to Great Britain.
11. Give me the figure for the final processed
product produced in the south. What percentage of that comes into
(Mr Murphy) Insignificant. By virtue of the fact that
our industry is more mature in the north than it is in the south,
that status quo will not have any reason to change if the
seesaw is not tipped in anybody's favour. If the seesaw is tipped
in favour of southern producers, that situation is bound to change.
If a measure like the aggregates tax is introduced, in terms of
the thinking of business people it is more significant than currency
fluctuation. In currency fluctuations you can have good days and
bad days and nobody is going to move a major operation south of
the border on the back of a currency fluctuation one day, but
they will on the back of this legislation.
12. Out of the jobs which the Quarry Products
Association Northern Ireland would lose, how many do you think
would be exported to the south if this aggregates levy goes ahead?
Would you say half would go south or do you think it would be
less than that? Demand is presumably going to remain static throughout
(Mr Murphy) Assuming demand remains static I should
like to treat different sectors separately. Let us look at the
market for concrete blocks. It is a very low profit margin product.
The market price is £12 or £13 per tonne. Profit is
about £1 per tonne. If you impose a tax of £1.60 per
tonne on that, which you are not able to pass on to your client,
you will probably cease block production. You will withdraw from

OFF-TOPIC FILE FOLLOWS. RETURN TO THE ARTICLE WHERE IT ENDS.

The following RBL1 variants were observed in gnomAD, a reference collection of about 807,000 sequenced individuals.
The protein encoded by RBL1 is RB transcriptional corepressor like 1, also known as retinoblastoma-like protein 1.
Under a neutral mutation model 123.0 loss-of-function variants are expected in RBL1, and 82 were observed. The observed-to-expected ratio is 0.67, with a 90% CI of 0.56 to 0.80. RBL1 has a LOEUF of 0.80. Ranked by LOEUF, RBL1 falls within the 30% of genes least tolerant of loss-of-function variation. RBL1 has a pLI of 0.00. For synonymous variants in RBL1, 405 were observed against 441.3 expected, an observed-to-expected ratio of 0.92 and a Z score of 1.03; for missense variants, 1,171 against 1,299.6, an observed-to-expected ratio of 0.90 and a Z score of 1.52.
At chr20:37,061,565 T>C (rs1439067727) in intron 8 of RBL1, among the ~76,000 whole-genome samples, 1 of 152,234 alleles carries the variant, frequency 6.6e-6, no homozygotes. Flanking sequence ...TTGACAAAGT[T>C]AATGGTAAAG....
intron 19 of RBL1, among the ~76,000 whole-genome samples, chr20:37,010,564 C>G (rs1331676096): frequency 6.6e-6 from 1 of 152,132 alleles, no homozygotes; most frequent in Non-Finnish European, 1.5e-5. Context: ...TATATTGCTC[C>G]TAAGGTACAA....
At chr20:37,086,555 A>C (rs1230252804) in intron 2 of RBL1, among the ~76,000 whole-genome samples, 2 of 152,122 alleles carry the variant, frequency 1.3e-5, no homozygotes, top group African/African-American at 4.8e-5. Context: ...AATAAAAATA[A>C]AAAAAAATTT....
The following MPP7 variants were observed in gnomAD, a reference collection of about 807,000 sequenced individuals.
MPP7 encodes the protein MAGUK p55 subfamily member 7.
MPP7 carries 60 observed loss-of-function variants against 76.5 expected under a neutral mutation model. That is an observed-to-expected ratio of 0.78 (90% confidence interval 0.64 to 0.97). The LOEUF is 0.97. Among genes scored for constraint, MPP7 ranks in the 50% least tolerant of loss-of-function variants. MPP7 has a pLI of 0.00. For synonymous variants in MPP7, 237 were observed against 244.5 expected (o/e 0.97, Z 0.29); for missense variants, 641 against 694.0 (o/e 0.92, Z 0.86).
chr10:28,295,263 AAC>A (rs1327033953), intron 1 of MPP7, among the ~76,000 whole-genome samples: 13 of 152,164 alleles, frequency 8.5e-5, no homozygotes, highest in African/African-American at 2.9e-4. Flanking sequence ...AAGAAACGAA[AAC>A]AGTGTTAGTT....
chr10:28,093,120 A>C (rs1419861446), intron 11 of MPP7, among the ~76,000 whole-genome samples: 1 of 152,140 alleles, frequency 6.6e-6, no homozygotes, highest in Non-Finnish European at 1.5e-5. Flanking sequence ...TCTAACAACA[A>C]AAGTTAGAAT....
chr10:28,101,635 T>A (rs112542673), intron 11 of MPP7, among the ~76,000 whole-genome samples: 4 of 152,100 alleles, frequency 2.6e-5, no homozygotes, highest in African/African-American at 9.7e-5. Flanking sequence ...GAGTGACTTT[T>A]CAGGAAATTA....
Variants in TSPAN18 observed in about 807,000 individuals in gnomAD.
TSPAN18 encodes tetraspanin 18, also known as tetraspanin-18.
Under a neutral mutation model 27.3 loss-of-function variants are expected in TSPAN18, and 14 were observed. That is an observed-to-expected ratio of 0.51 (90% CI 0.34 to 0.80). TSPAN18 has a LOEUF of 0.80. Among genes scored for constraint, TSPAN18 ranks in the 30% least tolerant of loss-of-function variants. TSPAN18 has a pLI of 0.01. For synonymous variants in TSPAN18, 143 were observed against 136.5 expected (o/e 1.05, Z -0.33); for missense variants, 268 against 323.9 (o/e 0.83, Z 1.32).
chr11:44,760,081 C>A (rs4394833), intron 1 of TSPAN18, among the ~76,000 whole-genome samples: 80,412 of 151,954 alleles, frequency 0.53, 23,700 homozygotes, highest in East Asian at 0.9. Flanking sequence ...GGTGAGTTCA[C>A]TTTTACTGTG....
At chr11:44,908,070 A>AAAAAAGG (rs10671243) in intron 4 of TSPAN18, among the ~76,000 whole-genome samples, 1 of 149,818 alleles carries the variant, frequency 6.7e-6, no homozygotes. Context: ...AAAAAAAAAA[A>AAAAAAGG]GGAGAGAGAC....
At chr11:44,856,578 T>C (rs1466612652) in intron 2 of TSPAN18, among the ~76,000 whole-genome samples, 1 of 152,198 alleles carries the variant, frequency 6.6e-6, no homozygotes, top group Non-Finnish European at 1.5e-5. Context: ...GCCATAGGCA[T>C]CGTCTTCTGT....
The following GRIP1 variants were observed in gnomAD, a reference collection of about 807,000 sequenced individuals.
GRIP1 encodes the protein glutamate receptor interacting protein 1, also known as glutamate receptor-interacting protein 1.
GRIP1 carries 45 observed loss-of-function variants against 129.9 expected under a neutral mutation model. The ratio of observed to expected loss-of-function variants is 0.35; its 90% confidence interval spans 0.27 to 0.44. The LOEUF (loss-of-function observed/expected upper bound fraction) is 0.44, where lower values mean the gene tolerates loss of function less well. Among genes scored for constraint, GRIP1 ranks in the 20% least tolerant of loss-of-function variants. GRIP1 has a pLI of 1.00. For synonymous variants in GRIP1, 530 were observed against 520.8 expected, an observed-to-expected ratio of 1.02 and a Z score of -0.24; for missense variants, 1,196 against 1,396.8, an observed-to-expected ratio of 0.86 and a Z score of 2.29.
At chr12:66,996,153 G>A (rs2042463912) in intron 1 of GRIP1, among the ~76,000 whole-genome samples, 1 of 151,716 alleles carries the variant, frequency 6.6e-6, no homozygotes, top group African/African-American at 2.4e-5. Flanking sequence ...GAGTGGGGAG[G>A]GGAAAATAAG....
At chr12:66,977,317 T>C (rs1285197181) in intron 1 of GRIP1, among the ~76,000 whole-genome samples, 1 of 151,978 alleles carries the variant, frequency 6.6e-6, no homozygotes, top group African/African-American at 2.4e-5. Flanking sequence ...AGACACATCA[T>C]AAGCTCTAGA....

the market altogether, in which case your counterpart in the south
will increase his production or you move your operation south
of the border. That is the situation with concrete blocks and
the situation is similar but slightly different for other products.
In terms of quantifying the percentage of employment which is
going to move south, in the short space of time that we have been
analysing the problemand I would emphasise to the Committee
that our resources and the time we have been able to spend investigating
this problem are a lot less than the problem demands but I suspect
that is a point we will move on to laterwe believe 3,500
to 4,000 jobs are at risk, varying degrees of risk. The concrete
block manufacturer will probably close down his operation overnight.
At the other end of the scale, the product within our industry
which has the highest profit margin would be the pre-cast concrete
sector. This sector manufactures products like large concrete
pipes or brick pavers, things like that. Northern Ireland is in
the fortunate situation that it supplies around 75 per cent, somewhere
in that area, of products throughout Ireland in that sector. You
may think that if it has a high profit margin, it may be able